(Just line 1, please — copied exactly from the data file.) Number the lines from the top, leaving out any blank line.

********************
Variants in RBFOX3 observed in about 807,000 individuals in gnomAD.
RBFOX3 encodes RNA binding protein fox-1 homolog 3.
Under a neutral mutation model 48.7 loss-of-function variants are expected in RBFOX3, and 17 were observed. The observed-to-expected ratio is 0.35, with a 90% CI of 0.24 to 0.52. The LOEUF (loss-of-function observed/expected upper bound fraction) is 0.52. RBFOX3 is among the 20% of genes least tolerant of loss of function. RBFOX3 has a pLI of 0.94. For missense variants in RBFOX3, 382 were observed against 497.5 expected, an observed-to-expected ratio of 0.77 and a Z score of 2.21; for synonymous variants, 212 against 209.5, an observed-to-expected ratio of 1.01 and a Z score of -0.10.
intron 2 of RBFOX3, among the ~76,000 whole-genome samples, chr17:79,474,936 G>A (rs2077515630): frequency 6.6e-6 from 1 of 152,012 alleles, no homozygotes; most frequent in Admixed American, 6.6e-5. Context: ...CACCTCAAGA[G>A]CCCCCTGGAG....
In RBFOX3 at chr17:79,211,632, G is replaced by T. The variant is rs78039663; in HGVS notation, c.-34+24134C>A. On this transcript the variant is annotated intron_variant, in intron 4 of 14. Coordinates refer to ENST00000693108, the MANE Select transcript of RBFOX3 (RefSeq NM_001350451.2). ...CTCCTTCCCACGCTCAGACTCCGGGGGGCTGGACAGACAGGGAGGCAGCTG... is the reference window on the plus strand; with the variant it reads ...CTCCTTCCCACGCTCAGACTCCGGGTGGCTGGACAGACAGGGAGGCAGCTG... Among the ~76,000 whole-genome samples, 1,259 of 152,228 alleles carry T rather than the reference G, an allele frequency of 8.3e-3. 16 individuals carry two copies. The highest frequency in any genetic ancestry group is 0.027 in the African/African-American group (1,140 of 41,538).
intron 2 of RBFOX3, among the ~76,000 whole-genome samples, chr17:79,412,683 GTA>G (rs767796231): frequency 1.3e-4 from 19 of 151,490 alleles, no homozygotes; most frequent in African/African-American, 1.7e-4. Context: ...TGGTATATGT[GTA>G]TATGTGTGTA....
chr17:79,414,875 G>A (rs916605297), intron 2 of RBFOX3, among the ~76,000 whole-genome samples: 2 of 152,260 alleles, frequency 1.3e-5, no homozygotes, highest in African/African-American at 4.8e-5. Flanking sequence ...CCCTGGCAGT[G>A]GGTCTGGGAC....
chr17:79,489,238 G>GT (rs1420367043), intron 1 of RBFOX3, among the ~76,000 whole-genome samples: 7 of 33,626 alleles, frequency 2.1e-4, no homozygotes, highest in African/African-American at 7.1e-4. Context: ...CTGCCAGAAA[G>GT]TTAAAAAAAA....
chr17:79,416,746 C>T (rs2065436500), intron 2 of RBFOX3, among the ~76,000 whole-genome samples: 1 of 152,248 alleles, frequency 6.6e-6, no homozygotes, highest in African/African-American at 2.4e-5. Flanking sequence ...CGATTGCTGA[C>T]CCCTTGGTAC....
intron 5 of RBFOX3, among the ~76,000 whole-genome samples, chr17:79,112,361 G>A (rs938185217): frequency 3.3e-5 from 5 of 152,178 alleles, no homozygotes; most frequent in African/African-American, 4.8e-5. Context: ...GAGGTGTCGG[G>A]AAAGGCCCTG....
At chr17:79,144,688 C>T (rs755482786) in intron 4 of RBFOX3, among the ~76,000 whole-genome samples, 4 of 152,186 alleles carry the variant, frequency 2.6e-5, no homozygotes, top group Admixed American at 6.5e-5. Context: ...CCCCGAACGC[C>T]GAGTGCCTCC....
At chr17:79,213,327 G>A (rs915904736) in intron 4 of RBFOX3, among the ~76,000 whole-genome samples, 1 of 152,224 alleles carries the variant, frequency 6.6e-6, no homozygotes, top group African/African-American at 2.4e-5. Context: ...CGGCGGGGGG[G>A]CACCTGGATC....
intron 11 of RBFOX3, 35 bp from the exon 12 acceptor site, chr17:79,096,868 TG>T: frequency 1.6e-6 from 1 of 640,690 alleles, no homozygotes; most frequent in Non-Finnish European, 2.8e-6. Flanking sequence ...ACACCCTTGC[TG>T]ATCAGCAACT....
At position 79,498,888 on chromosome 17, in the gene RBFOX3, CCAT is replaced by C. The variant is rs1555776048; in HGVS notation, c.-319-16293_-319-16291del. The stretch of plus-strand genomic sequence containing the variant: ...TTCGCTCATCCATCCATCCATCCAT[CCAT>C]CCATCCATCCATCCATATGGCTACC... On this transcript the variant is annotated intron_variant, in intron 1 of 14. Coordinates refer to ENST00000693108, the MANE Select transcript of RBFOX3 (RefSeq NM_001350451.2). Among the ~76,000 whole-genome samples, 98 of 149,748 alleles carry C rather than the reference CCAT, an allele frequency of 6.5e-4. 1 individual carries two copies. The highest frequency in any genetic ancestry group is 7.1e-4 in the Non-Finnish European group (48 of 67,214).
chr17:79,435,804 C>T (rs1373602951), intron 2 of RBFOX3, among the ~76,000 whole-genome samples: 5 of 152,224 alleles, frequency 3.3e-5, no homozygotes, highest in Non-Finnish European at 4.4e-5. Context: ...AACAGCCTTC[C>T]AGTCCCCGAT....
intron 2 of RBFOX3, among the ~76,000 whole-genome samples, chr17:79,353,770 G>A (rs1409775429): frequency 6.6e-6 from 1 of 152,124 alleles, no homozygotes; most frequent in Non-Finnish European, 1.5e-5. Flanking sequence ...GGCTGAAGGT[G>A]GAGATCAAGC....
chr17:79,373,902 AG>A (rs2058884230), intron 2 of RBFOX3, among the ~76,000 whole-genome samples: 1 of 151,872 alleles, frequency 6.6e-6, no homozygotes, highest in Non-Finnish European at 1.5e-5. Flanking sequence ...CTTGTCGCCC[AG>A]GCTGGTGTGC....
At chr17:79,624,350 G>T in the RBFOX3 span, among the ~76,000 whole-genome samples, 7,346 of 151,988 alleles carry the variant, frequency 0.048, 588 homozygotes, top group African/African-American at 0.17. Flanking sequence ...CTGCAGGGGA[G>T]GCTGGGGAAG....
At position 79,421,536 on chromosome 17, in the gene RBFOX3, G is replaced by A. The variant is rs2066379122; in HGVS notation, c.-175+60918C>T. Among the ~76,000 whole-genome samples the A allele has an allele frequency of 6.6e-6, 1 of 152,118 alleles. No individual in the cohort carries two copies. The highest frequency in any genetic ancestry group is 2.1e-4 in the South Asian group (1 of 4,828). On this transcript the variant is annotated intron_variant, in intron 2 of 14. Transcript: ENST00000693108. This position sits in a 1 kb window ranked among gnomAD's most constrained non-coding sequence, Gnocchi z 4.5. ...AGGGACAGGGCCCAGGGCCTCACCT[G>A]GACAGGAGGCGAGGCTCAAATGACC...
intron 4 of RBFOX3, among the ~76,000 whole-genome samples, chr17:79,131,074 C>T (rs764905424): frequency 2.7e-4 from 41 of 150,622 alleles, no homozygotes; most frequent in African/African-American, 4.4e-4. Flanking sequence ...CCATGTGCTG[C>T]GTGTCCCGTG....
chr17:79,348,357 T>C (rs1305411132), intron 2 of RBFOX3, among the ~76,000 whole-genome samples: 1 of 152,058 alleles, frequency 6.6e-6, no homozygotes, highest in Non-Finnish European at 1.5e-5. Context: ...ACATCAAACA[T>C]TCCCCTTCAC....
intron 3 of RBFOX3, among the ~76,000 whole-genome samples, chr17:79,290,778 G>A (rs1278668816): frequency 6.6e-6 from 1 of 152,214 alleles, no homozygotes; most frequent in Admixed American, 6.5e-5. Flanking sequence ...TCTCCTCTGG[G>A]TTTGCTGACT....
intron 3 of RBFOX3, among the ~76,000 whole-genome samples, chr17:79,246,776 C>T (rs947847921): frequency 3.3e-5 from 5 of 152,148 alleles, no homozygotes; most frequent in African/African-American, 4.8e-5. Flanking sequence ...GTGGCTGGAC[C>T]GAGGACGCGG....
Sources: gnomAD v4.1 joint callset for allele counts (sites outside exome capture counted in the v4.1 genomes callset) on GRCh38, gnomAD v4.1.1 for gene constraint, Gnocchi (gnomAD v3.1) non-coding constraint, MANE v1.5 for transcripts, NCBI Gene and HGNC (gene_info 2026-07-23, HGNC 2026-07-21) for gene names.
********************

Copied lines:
Variants in RBFOX3 observed in about 807,000 individuals in gnomAD.